"Transition" is the name typically given to the time of radical change following the fall of communism, connoting a shift from planned to market economy, from dictatorship to democracy. Transition is also, in Michael Kennedy's analysis, a culture in its own right -- with its own contentions, repressions, and unrealized potentials. By elaborating transition as a culture of power and viewing it in its complex relation to emancipation, nationalism, and war, Kennedy's book clarifies the transformations of postcommunism as well as, more generally, the ways in which culture articulates social change. This ambitious work is, in effect, a nuanced critical-cultural sociology of change.
Kennedy examines transition culture's historical foundation by looking at the relationship among perestroika, Poland, and Hungary, and considers its structure and practice in the following decade across fields and nations. His wide-ranging analysis -- of the artifacts of transition culture's proponents, of interviews with providers and recipients of technical assistance in business across Eastern Europe, and of focus groups assessing the successes and failures of social change in Estonia and Ukraine -- suggests a transition culture deeply implicated in nationalism. But this association, Kennedy contends, is not necessarily antithetical to transition's emancipation. By reconsidering transition culture's relationship to the Wars of Yugoslav Succession and communism's negotiated collapse in Poland and Hungary, he shows how transition might be reconceived in terms of solidarity, freedom, and peace.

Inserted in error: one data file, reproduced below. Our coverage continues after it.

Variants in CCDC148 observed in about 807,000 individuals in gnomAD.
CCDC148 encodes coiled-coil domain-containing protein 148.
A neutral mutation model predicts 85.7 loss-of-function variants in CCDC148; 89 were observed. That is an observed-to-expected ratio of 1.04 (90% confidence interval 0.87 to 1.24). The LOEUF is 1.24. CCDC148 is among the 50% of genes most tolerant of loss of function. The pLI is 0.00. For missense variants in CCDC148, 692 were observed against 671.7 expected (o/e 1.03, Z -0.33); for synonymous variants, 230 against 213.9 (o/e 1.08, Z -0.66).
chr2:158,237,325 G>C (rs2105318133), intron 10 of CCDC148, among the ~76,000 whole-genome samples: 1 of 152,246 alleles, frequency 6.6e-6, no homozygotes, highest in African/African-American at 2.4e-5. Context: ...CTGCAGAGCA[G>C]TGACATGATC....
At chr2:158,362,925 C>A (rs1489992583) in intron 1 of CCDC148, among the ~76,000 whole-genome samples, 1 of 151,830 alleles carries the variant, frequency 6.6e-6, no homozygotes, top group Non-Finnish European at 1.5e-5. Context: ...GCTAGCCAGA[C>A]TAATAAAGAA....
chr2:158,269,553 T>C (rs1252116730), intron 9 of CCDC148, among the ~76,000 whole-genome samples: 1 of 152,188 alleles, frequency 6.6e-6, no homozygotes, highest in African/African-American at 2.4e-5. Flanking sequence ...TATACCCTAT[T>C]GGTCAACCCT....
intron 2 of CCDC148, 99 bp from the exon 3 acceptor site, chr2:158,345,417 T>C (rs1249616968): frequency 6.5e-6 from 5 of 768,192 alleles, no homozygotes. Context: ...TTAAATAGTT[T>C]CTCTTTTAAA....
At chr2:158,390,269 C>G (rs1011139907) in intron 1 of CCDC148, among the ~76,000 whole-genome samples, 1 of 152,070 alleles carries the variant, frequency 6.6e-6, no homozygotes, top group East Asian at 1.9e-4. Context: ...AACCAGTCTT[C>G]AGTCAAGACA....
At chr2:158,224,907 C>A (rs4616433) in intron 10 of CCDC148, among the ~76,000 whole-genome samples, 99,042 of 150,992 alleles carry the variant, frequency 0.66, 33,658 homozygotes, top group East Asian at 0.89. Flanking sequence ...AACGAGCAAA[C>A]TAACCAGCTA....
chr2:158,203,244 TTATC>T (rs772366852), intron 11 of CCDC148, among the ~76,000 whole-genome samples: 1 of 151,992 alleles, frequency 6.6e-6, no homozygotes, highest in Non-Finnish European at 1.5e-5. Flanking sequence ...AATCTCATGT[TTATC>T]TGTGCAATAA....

Distinguished by its focus on culture, not only within particular nations but in the transnational communityorganized around transition, this book will help reframe the debate about postcommunist social change.